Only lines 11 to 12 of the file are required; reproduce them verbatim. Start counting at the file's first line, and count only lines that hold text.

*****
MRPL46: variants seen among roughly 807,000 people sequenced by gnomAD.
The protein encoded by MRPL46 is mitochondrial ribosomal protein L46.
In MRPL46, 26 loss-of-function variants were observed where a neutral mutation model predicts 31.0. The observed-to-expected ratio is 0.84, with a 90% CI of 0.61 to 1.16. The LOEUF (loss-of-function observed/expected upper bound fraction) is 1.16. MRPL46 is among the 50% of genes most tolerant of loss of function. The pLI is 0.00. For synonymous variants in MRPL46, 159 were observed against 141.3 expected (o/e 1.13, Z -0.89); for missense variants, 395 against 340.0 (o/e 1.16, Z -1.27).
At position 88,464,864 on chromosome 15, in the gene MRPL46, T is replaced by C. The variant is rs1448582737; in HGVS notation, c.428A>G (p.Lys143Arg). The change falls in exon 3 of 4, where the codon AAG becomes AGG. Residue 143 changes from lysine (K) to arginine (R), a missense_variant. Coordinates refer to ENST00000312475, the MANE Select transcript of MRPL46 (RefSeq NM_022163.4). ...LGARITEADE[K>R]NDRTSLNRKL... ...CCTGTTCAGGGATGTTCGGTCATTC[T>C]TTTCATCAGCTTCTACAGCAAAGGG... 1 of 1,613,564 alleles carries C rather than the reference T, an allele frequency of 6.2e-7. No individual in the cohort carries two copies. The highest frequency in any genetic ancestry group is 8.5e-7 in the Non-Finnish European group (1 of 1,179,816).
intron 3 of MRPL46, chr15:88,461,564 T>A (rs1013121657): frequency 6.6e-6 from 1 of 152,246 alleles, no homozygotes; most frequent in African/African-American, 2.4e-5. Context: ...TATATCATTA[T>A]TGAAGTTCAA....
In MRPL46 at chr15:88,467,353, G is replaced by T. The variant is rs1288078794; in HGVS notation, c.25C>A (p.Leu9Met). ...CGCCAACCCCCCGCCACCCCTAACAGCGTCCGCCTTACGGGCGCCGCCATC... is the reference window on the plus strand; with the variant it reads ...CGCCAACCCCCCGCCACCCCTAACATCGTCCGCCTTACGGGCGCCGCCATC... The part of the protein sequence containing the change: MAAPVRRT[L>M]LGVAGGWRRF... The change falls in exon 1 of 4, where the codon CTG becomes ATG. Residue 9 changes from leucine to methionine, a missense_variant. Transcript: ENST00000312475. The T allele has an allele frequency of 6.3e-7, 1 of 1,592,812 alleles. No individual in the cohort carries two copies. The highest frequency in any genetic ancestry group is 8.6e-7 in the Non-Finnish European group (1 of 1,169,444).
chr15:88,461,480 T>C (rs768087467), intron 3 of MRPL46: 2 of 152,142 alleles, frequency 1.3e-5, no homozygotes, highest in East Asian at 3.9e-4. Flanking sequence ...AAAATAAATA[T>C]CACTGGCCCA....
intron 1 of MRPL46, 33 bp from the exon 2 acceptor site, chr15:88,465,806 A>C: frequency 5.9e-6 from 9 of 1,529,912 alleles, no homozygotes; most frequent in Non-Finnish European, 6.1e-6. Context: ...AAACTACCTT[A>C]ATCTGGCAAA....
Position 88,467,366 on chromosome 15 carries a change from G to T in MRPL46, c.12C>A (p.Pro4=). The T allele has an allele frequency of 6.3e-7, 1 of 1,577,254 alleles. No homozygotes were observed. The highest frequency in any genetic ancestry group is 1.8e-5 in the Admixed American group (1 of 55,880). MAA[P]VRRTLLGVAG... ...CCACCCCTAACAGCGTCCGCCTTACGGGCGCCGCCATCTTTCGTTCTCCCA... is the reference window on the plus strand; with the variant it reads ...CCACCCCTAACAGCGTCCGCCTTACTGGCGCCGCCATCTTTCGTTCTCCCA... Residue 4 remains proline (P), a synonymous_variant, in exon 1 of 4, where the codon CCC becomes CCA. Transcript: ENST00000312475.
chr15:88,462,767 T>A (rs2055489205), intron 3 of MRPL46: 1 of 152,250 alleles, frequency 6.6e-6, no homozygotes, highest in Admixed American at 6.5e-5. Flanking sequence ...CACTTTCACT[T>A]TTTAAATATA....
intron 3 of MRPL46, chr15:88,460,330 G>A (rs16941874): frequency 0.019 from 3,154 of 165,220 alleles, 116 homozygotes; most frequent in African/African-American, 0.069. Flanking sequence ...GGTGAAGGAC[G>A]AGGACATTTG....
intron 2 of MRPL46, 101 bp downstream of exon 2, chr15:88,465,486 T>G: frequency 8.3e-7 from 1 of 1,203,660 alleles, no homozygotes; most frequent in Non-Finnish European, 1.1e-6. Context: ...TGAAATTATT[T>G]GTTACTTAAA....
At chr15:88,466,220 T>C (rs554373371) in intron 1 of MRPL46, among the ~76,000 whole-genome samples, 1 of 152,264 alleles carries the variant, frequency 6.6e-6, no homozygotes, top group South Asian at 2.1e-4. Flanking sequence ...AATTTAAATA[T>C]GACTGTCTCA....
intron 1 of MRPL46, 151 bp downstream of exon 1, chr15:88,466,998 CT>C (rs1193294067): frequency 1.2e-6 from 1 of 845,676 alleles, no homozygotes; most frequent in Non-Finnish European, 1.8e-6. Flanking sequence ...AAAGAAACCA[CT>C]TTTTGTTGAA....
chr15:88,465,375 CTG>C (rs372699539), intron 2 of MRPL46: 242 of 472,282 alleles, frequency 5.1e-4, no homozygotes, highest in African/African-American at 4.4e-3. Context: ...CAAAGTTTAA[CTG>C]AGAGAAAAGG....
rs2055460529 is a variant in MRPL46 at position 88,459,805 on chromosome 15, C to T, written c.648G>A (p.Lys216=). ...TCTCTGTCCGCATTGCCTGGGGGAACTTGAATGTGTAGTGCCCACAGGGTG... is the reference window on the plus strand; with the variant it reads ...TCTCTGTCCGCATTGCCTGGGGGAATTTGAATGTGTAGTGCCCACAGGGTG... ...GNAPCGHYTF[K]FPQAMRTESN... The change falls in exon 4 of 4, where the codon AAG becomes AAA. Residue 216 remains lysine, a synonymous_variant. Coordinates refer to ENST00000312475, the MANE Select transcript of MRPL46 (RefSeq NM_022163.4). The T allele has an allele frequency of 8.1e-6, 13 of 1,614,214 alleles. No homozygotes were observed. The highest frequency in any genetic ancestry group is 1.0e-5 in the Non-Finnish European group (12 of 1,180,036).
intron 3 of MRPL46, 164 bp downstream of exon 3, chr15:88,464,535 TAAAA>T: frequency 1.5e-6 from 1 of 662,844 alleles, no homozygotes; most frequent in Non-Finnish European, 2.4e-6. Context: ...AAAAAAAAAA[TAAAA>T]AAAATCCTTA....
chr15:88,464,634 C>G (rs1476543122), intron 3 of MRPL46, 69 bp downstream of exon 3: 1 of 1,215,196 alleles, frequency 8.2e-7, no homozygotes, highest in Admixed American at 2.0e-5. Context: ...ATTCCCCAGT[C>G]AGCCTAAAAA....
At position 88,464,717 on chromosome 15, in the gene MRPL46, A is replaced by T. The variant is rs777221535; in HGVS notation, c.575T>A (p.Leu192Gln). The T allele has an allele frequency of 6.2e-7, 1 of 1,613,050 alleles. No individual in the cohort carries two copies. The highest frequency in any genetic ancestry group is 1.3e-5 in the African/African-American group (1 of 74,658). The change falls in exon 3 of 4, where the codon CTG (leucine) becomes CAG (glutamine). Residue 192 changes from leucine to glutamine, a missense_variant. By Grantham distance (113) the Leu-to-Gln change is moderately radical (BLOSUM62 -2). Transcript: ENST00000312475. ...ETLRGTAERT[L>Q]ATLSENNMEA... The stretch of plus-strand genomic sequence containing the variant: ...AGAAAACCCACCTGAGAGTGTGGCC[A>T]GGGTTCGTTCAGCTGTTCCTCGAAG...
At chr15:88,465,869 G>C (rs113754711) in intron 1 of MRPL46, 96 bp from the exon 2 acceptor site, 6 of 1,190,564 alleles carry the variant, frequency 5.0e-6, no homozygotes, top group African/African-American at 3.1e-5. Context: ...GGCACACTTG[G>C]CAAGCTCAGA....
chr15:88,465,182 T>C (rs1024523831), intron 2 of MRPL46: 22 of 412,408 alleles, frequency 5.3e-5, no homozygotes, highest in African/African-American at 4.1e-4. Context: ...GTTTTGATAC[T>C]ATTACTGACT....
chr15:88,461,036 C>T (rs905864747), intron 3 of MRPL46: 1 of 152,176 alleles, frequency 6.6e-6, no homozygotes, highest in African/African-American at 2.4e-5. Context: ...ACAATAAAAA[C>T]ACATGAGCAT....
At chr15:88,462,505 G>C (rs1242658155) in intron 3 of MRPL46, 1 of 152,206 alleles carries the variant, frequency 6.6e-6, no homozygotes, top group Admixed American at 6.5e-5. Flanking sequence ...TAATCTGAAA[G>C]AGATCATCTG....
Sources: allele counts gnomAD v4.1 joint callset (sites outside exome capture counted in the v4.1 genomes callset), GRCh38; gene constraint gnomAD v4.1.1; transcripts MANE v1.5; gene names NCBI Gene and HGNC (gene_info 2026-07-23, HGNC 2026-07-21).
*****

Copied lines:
intron 3 of MRPL46, chr15:88,460,330 G>A (rs16941874): frequency 0.019 from 3,154 of 165,220 alleles, 116 homozygotes; most frequent in African/African-American, 0.069. Flanking sequence ...GGTGAAGGAC[G>A]AGGACATTTG....
intron 2 of MRPL46, 101 bp downstream of exon 2, chr15:88,465,486 T>G: frequency 8.3e-7 from 1 of 1,203,660 alleles, no homozygotes; most frequent in Non-Finnish European, 1.1e-6. Context: ...TGAAATTATT[T>G]GTTACTTAAA....